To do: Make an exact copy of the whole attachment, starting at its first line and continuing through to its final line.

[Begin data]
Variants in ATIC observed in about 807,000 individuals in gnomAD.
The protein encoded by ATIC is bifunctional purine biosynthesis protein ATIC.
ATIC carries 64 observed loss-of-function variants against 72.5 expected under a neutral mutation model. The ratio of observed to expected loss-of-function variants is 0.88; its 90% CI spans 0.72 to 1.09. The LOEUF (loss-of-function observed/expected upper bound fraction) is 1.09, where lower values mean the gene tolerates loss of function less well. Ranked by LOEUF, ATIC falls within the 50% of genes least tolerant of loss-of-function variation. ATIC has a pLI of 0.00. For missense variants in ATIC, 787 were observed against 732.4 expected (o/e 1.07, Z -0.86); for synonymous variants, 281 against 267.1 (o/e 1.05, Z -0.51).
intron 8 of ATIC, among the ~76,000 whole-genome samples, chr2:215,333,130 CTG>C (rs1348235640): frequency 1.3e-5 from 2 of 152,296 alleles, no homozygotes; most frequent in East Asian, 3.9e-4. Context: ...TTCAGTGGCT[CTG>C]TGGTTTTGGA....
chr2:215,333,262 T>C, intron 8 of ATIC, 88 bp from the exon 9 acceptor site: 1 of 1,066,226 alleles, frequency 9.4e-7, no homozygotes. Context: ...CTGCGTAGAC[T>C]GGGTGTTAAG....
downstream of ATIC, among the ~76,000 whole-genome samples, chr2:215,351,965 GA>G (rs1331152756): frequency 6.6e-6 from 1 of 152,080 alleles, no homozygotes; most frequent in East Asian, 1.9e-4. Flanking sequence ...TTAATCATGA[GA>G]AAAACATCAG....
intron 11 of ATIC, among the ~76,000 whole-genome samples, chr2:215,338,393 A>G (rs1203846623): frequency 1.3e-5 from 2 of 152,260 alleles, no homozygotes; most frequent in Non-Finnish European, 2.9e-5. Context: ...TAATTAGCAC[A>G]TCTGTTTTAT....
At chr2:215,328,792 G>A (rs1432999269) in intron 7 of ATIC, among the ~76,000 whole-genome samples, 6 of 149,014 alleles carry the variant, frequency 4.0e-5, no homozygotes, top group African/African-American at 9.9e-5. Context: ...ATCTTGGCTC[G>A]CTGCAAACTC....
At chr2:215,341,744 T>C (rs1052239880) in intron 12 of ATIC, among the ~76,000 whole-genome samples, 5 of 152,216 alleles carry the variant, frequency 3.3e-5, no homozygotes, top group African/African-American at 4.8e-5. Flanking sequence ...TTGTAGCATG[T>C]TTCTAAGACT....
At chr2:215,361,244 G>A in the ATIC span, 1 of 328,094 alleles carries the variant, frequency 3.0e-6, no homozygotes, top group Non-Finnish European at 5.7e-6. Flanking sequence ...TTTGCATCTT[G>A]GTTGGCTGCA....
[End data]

Variants in ATIC observed in about 807,000 individuals in gnomAD.
The protein encoded by ATIC is bifunctional purine biosynthesis protein ATIC.
ATIC carries 64 observed loss-of-function variants against 72.5 expected under a neutral mutation model. The ratio of observed to expected loss-of-function variants is 0.88; its 90% CI spans 0.72 to 1.09. The LOEUF (loss-of-function observed/expected upper bound fraction) is 1.09, where lower values mean the gene tolerates loss of function less well. Ranked by LOEUF, ATIC falls within the 50% of genes least tolerant of loss-of-function variation. ATIC has a pLI of 0.00. For missense variants in ATIC, 787 were observed against 732.4 expected (o/e 1.07, Z -0.86); for synonymous variants, 281 against 267.1 (o/e 1.05, Z -0.51).
intron 8 of ATIC, among the ~76,000 whole-genome samples, chr2:215,333,130 CTG>C (rs1348235640): frequency 1.3e-5 from 2 of 152,296 alleles, no homozygotes; most frequent in East Asian, 3.9e-4. Context: ...TTCAGTGGCT[CTG>C]TGGTTTTGGA....
chr2:215,333,262 T>C, intron 8 of ATIC, 88 bp from the exon 9 acceptor site: 1 of 1,066,226 alleles, frequency 9.4e-7, no homozygotes. Context: ...CTGCGTAGAC[T>C]GGGTGTTAAG....
downstream of ATIC, among the ~76,000 whole-genome samples, chr2:215,351,965 GA>G (rs1331152756): frequency 6.6e-6 from 1 of 152,080 alleles, no homozygotes; most frequent in East Asian, 1.9e-4. Flanking sequence ...TTAATCATGA[GA>G]AAAACATCAG....
intron 11 of ATIC, among the ~76,000 whole-genome samples, chr2:215,338,393 A>G (rs1203846623): frequency 1.3e-5 from 2 of 152,260 alleles, no homozygotes; most frequent in Non-Finnish European, 2.9e-5. Context: ...TAATTAGCAC[A>G]TCTGTTTTAT....
At chr2:215,328,792 G>A (rs1432999269) in intron 7 of ATIC, among the ~76,000 whole-genome samples, 6 of 149,014 alleles carry the variant, frequency 4.0e-5, no homozygotes, top group African/African-American at 9.9e-5. Context: ...ATCTTGGCTC[G>A]CTGCAAACTC....
At chr2:215,341,744 T>C (rs1052239880) in intron 12 of ATIC, among the ~76,000 whole-genome samples, 5 of 152,216 alleles carry the variant, frequency 3.3e-5, no homozygotes, top group African/African-American at 4.8e-5. Flanking sequence ...TTGTAGCATG[T>C]TTCTAAGACT....
At chr2:215,361,244 G>A in the ATIC span, 1 of 328,094 alleles carries the variant, frequency 3.0e-6, no homozygotes, top group Non-Finnish European at 5.7e-6. Flanking sequence ...TTTGCATCTT[G>A]GTTGGCTGCA....